Don't stoop to stupid policy over boat tragedy
December 19, 2011
Almost a year to the day when a boat sank off Christmas Island with horrendous loss of life, yet another asylum seeker tragedy, with an even higher death toll, has occurred. Up to 150 people bound for Australia may have died in the seas off East Java on Saturday.
The familiar refrains of 'Stop the boats', or more elegant variations thereof, inevitably followed.
The Coalition's policy of towing boats back to Indonesia is both immoral and stupid. It puts the lives of asylum seekers at further risk and undermines the professionalism and morale of the Australian Navy. The other oft-bruited policy, off-shore processing, strikes at the heart of the asylum system.
People have a right to seek asylum, and Australia is a signatory to the Refugee Convention which clearly states that those who seek asylum and arrive in a country's territory by irregular means should not be penalised. Let us be clear: off-shore processing puts Australia in breach of its international obligations, and makes laughable the claim that Australia is a nation of laws.
Of course we want people to stop making the hazardous boat journey to Christmas Island, but tow-backs and off-shore processing are blunt instruments that avoid the complexity of the issue.
Asylum seekers who attempt the boat journey to Australia often make their way to Indonesia via Malaysia, or arrive in Indonesia directly from their countries of origin before making the decision to get on a boat. Many try to get their refugee status determined by the United Nations High Commissioner for Refugees (UNHCR) offices in these countries, but the process is long drawn-out, seen to lack transparency, and has no independent review mechanism.
UNHCR is also in a bind: even if it recognises the refugee status of asylum seekers, there are not enough resettlement places for these refugees to take up. While they languish in Malaysia or Indonesia, they are unable to work legally, cannot get an education, face harassment from the authorities, and are readily exploited by unscrupulous employers who know they have few protections.
Senator Doug Cameron's cogent and insightful statement in reaction to Saturday's tragedy bears repeating:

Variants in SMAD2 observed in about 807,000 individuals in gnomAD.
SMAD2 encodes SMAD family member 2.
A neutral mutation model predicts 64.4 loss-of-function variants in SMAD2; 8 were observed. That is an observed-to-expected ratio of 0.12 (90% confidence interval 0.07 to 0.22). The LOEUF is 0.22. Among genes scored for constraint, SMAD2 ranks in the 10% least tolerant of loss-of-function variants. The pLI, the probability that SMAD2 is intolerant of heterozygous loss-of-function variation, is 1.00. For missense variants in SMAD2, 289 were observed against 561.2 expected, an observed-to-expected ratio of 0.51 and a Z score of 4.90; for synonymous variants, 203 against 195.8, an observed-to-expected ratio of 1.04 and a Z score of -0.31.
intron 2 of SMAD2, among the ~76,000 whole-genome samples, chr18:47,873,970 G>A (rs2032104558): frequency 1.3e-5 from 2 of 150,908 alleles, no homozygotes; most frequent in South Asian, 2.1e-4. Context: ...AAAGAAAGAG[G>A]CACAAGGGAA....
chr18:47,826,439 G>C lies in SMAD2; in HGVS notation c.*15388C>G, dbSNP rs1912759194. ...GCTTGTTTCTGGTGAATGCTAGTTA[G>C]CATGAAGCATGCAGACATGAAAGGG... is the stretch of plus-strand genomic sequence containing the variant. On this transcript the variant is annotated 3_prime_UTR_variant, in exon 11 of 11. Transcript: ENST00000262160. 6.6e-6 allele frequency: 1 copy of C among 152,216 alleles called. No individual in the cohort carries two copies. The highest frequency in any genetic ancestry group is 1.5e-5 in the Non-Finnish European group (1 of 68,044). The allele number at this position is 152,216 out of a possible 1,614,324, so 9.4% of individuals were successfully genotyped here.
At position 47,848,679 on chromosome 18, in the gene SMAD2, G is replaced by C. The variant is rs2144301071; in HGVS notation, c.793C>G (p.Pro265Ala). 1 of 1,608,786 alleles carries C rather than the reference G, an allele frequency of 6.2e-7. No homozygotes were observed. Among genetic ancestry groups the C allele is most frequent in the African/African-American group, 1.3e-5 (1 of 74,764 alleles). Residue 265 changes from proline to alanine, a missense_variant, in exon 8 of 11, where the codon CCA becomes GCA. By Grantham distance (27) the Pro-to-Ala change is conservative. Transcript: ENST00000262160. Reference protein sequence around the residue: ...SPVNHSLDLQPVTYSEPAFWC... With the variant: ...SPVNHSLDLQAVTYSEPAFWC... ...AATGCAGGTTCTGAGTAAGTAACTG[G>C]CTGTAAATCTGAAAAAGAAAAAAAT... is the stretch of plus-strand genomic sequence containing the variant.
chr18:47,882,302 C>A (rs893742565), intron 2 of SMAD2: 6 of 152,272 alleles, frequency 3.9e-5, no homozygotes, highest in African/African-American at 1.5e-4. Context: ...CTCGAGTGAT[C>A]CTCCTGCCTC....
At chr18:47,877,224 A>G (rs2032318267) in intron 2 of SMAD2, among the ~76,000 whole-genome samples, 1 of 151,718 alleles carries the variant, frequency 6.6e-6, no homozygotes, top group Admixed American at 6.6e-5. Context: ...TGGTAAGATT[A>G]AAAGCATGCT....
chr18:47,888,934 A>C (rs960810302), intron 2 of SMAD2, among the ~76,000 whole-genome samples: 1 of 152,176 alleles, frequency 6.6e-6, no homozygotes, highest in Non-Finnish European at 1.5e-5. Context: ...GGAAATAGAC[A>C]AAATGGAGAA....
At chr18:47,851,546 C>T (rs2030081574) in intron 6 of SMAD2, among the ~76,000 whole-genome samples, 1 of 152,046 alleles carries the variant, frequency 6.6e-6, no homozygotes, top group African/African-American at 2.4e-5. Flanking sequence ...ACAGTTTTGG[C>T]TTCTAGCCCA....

“It doesn't matter what deterrent you put in place, if they are fleeing for their lives, if they don't have a future in the country they're in, then they will take these chances. You can't place enough impediments in the way of asylum seekers who are fleeing death or torture”.
This is a regional problem and requires a regional solution. Australia must engage with the countries through which pass the flows of irregular migrants, explore with them ways to increase the protection space for asylum seekers and refugees in their territories, and share in the cost, so that people are not driven by poor living conditions and lack of legal protection to make desperate journeys.
It should also engage in serious research to find out why people make onward journeys from the countries of first asylum such as Malaysia and Indonesia.
On a recent visit to Indonesia, I met many asylum seekers and refugees. For them, coming to Australia was not always an inevitability, but a solution to a problem that seemed to have no other solutions: where can they be safe, and lead normal lives?
For a young man of 16, waiting two to three years in Indonesia for the refugee status determination and resettlement process to play itself out seems like a lifetime, especially when you cannot get an education and have no other meaningful activities while you wait. Getting on a boat seems like the better option, and the young cannot weigh the risks because they feel they are indestructible.
Many have now learnt, to their cost, that this is not the case.
Aloysious Mowe is Director of Jesuit Refugee Service.